Soil forced a small appreciative smile onto his face. He couldn’t stop his eyes from nervously glancing up at the claw at final time.
Phlox re-entered the room carrying three bowls of creamy soup, and a basket of black rye bread, upon a large tray. He placed the dish down delicately on the table and shared out the food. Providing each dinner guest with a dainty sliver spoon.
He looked upon the table with a distinct look of pride when he had finished, before pulling out his own chair at the head of the table and planting himself firmly upon it.
“We were just talking about the claw Phlox,” Monarda said, breaking the silence that Phlox’s entrance had brought with it.
“Oh yes the claw! The most prized item in my collection.” Phlox said cheerfully, staring up at the suspended limb. “Was an awful pain to transport when I moved to Tachbrook however.”
“I didn’t know crabs grew to that size…” said Soil as he brought a spoonful of soup to his lips. He found the collection of herbs provided a sweet flavour that was most agreeable, yet the boiling heat scalded his tongue. Soil did his best to conceal his discomfort, he glanced across at Monarda. Who was giggling at him quietly, and purposefully blew on her spoon before placing it in her mouth.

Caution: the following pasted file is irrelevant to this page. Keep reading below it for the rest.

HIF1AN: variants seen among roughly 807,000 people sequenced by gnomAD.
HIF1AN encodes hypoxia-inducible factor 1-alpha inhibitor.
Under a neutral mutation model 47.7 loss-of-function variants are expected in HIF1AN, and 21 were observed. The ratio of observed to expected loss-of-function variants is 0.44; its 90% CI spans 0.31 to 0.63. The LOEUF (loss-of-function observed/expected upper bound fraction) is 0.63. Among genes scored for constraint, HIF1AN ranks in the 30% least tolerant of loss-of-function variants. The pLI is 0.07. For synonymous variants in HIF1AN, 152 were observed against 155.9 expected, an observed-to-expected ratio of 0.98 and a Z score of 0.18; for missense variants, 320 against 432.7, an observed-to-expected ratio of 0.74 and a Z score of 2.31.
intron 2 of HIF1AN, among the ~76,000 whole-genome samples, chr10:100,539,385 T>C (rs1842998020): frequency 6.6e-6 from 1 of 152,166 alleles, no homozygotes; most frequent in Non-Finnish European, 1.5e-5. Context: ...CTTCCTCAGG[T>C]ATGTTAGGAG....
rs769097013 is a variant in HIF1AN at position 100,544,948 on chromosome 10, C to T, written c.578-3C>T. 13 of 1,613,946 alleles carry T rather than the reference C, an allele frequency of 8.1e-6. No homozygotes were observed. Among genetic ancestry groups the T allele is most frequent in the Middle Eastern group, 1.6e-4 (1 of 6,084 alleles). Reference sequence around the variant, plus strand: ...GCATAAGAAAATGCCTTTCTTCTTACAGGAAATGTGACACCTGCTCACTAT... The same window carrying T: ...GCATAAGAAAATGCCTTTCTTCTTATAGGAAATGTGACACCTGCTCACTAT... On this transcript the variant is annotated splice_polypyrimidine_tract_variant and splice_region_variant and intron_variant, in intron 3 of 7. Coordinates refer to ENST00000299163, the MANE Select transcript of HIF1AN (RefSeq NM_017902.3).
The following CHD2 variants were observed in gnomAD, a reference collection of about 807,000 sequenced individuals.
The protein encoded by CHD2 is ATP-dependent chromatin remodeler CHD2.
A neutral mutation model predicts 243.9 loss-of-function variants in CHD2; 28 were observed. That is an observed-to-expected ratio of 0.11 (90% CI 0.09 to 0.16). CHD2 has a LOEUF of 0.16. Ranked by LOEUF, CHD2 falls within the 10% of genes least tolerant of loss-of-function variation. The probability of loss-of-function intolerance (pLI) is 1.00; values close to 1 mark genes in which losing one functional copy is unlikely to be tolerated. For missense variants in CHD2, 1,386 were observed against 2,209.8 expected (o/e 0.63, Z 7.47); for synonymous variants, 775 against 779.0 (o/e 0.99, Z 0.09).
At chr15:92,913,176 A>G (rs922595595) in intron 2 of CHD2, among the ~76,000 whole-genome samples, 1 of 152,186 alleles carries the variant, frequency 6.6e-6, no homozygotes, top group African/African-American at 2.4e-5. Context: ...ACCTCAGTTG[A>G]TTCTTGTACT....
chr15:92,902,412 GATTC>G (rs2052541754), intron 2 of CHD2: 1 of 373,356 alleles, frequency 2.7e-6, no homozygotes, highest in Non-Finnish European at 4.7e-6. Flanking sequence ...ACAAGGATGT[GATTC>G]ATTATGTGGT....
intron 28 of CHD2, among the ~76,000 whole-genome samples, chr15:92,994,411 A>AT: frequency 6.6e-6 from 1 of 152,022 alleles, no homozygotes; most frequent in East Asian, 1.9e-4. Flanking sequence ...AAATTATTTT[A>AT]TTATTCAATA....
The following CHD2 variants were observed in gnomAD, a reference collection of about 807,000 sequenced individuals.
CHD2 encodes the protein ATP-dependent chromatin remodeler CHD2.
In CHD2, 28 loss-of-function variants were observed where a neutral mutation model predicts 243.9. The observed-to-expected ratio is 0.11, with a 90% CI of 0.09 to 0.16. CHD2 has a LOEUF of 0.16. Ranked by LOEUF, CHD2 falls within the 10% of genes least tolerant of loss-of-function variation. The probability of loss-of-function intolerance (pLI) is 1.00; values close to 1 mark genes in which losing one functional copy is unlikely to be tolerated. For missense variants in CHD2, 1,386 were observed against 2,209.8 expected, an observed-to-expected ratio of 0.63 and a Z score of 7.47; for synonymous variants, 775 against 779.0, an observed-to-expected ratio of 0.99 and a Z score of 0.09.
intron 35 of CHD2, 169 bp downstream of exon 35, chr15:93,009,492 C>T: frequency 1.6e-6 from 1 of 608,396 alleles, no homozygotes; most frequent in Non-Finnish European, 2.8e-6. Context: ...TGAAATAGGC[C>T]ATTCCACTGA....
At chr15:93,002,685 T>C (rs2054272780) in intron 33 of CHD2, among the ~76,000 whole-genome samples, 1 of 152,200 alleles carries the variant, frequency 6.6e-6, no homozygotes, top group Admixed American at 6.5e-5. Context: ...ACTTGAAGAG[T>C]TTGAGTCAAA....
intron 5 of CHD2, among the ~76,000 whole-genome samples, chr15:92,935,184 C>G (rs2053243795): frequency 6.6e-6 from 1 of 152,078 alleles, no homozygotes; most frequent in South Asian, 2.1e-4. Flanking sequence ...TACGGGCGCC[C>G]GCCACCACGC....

“It’s not a crab Soil! That is the claw of a mighty Argapod!” Phlox bellowed, before taking a tiny mouthful of steamy soup. “They’re a race of intelligent crustaceans that live just off shore of the Muskove mainland. Incredible beings.”
“Did you kill this one?” Soil asked.
Phlox laughed in response to Soils question. “No, no, I can’t even begin to pretend that I did. I don’t have the strength or the means to take one of these beings down. I came across the claw at an auction many years ago. A very rare find, taking into account that Argapods are notoriously hard to kill. Some even consider them to be gods.”
Soil looked down at his spoon thoughtfully, before blowing on it and sipped at the sweet pea soup.
“Anyway Soil, Tell me what it’s like living in the Eyre woodland!” Phlox continued.
“Have you never been in for yourself?”
“Never had the chance if I’m honest. Much of my work consists of travelling between Tachbrook and Larton city. So I don’t get much free time to go exploring. What’s it like?”
“It’s a very beautiful place, full of amazing flowers, trees and wild life. You could never get bored with the colours they display. Truly wonderful.” Soil smiled, as he thought of his woodland home. “Monarda, which of the flowers is it that you wanted to see. The ones that your brother mentioned. I can take you there at some point if you want? No one knows the forest like I do!”
The mood of the room instantly plummeted and Monarda’s face went a ghostly white. Soil sat staring at her, with a large grin plastered on his face. However he shifted his gaze between Phlox and Monarda as the silence began to draw out. Soil’s smile slowly receded, he wondered what it was that he had said…
Phlox delicately placed his silver spoon flat onto the table. The faint sound of the cutlery being rested on the wood rang out clearly in the complete silence of the room. He said in a low voice, his stare fixed directly on the table, “Monarda. We’ve spoken about this.”
“Phlox please, I didn’t-”